Wednesday, November 27, 2013


What does all this say about me, and why have I settled on these methods?

. Organizing is fun for me in and of itself.  Much of what I do revolves around organization. Perhaps it's not always the most efficient to go through all these steps, but it sure is fun!

2. As I reflect on these methods, one key concept comes up: Context Switching.  Humans are poor at context-switching. That's why the advent of the assembly line had such a positive impact on production; it allowed individuals to focus solely on a single task.

Everything I do allows me to stay within a single context when either doing work or consuming content.

By the time I'm going through a particular list within Clear, I will be presented with a very specific set of information.  

By the time I'm going through a particular label within Gmail, I will be presented with a very specific set of information.  

If I need to find a recipe I've seen before, I know there is a single place to find it: Evernote.

By the time I'm going through a particular folder within Instapaper, I will be presented with a very specific set of information.  

By the time I'm going through my Watch Later playlist in YouTube, I will be presented with a very specific set of information.  

3. Our brains are highly evolved computers. If you view your brain as a computer, there are many things you can do to optimize use of brain RAM, CPU, etc.

I will list things to bring to work, or what I'm going to eat for breakfast, or whether or not I'm going to pack a lunch. I will list these in Clear and always the night before. Why?  While I could likely remember most of them, if I put them into Clear, I ensure I will always remember 100% of them. The technology frees my mind (or RAM) from remembering them.

Whenever I receive an email notification of an email to pay, I'll use Boomerang to return the email to my inbox the day before the bill is due.  While it makes financial sense not to pay a bill until its due, many people will probably pay it when they get the initial email (often 15-25 days before the due date), just so that they don't forget to pay it.  Boomerang makes sure I never forget.

If you send an email and don't receive a reply, it can be easy to forget to revisit the email for a long time (our brains do a poor job of estimating "how long it's been"). Boomerang lets me rely to emails in a timely manner.

While our brains are capable of reading a business article from within Twitter, then viewing a video, then searching Gmail and then Google Drive for a recipe, then checking to-do lists within Gmail, Evernote and Clear, why make them do that?  If you view your brain as a CPU, you can use it in a more optimal way by giving it a steady stream of one type of information, and switching to other types of information less frequently.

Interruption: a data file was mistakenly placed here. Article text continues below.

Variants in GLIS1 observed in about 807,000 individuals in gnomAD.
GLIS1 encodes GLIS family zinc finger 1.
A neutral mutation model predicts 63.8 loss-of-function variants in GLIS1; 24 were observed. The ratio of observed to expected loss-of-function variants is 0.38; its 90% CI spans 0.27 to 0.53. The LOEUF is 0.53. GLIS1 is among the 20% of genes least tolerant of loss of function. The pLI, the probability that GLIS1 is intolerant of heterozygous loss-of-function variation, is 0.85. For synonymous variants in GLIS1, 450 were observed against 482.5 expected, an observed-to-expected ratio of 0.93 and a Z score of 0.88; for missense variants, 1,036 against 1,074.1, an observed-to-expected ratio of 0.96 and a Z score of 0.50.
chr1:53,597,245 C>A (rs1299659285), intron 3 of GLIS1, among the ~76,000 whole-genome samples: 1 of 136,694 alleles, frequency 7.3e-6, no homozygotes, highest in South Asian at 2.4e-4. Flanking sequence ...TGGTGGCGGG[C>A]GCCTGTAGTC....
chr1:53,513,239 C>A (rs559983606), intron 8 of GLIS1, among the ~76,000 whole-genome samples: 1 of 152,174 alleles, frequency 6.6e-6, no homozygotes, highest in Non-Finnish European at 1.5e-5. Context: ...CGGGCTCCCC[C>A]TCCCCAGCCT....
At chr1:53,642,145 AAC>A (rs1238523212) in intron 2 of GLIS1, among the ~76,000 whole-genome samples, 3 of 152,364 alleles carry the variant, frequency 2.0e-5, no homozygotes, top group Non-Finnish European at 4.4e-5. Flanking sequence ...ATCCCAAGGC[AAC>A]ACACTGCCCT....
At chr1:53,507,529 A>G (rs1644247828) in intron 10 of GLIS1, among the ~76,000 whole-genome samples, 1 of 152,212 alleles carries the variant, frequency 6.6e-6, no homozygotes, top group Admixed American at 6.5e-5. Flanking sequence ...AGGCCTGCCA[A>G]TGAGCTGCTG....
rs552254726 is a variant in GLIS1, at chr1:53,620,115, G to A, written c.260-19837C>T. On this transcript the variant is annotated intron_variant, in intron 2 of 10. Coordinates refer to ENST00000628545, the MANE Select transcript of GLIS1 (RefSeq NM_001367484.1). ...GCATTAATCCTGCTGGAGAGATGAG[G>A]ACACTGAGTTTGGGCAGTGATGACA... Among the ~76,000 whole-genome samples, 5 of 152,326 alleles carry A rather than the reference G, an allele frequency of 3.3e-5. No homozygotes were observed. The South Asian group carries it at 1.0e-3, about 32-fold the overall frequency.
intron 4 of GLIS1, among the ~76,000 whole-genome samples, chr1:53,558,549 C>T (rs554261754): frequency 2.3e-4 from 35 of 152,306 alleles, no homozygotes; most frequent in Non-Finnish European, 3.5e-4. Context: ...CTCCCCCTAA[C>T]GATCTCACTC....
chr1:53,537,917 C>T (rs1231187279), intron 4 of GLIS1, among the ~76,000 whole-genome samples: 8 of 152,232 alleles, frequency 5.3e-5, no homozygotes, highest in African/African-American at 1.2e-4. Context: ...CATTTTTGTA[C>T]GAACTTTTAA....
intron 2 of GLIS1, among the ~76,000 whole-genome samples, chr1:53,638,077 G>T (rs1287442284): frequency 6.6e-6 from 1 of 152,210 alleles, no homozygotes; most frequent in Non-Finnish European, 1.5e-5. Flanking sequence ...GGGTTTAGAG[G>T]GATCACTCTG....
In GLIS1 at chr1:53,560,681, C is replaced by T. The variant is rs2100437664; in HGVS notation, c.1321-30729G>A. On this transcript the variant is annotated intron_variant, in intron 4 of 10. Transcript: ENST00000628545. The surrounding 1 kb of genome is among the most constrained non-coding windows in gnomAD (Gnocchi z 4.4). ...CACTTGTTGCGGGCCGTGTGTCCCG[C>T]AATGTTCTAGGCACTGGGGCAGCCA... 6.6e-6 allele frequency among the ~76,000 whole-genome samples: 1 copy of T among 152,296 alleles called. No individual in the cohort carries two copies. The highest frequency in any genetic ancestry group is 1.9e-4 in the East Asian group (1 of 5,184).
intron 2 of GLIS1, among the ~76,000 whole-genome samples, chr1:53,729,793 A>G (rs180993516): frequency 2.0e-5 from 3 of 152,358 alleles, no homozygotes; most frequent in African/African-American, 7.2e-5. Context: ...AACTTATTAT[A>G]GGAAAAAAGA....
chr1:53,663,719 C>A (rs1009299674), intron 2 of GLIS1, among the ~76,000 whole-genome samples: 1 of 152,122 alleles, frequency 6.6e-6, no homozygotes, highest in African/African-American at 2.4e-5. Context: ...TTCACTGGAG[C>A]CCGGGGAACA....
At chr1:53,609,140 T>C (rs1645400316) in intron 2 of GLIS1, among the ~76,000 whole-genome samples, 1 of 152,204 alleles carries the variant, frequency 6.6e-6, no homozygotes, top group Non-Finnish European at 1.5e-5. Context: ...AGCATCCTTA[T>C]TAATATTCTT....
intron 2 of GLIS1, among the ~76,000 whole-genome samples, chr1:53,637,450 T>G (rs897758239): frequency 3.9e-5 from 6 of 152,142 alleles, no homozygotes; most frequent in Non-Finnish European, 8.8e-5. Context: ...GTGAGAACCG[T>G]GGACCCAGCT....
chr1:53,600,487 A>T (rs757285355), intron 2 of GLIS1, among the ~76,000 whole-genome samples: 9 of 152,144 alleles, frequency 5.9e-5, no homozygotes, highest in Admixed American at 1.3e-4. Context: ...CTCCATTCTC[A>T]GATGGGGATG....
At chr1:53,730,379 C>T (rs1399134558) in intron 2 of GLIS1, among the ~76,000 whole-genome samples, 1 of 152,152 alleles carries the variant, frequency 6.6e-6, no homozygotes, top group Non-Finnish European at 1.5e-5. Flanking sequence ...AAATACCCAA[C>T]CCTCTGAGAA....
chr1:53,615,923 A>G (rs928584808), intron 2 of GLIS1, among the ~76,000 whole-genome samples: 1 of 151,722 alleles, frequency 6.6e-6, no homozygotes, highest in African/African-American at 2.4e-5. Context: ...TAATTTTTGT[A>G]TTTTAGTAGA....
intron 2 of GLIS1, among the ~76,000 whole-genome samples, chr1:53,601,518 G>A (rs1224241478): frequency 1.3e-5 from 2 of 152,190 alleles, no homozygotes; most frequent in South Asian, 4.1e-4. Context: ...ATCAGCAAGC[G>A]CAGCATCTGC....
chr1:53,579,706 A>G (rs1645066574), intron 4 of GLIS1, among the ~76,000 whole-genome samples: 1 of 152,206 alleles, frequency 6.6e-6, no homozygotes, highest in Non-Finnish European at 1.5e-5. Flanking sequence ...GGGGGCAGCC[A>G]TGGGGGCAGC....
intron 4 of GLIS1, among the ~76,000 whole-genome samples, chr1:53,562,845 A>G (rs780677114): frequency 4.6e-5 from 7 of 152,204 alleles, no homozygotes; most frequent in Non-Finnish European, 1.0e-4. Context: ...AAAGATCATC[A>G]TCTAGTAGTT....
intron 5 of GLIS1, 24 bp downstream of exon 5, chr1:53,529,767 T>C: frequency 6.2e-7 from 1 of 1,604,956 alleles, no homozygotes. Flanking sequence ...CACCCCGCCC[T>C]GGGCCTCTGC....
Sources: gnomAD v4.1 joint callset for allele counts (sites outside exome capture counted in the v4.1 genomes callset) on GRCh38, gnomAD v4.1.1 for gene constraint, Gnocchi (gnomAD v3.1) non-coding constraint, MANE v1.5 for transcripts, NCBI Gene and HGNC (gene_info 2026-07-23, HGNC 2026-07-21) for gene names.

4. Do things better than they have been done before.  Okay, this is going to be corny and cheesy in many ways.  Pete Carrol's Win Forever method has this as a tenet "Do things better than they have been done before."  There are many things in life that don't have a big impact, but are often done sub-optimally. Here are a few:
  1. Waiting too long to cull old food from the fridge can result in unpleasant smells or messes, ruined Tupperware, etc.
  2. Returning overdue library items results in fines.
  3. Going too long without changing sheets can result in many unpleasant outcomes.
  4. Forgetting to pack a lunch for work results in paying money for lunch.
  5. Forgetting to pay a bill could result in late fees and/or negative impacts to your credit score.
  6. Forgetting to use expiring gift cards and vouchers or take advantage of deals, promotions, giveaways leads to missing out on stuff.
  7. Forgetting to bring a dish to a potluck results in VIOLATION OF SOCIAL CONTRACTS
  8. Forgetting to buy kleenex means results in you using toilet paper and paper towels
  9. Forgetting to buy toilet paper results in..............
  10. Forgetting to buy groceries can lead to increased spent money on eating out
  11. Forgetting to have the address of a destination saved can result in being late.

Not being prepared always results in lost time, lost money or lost resources. Even if you can't quantify the 10 minutes you spent looking for something, you have lost resources. Some of the effects of being unprepared are very tiny, to the point of not mattering. However, if you have the ability to mitigate or eliminate these effects, why wouldn't you?

In sum:
1. I love to organize
2. Humans are bad at context switching
3. Our brains are highly evolved computers
4. Do things better than they have been done before.

1 comment:

  1. You are a candidate for a paper planner. It will duplicate almost everything you have on your computer or iPhone, but you will have the fun to writing things down, then crossing them off. You can reread these pages, and spend endless hours organizing instead of doing.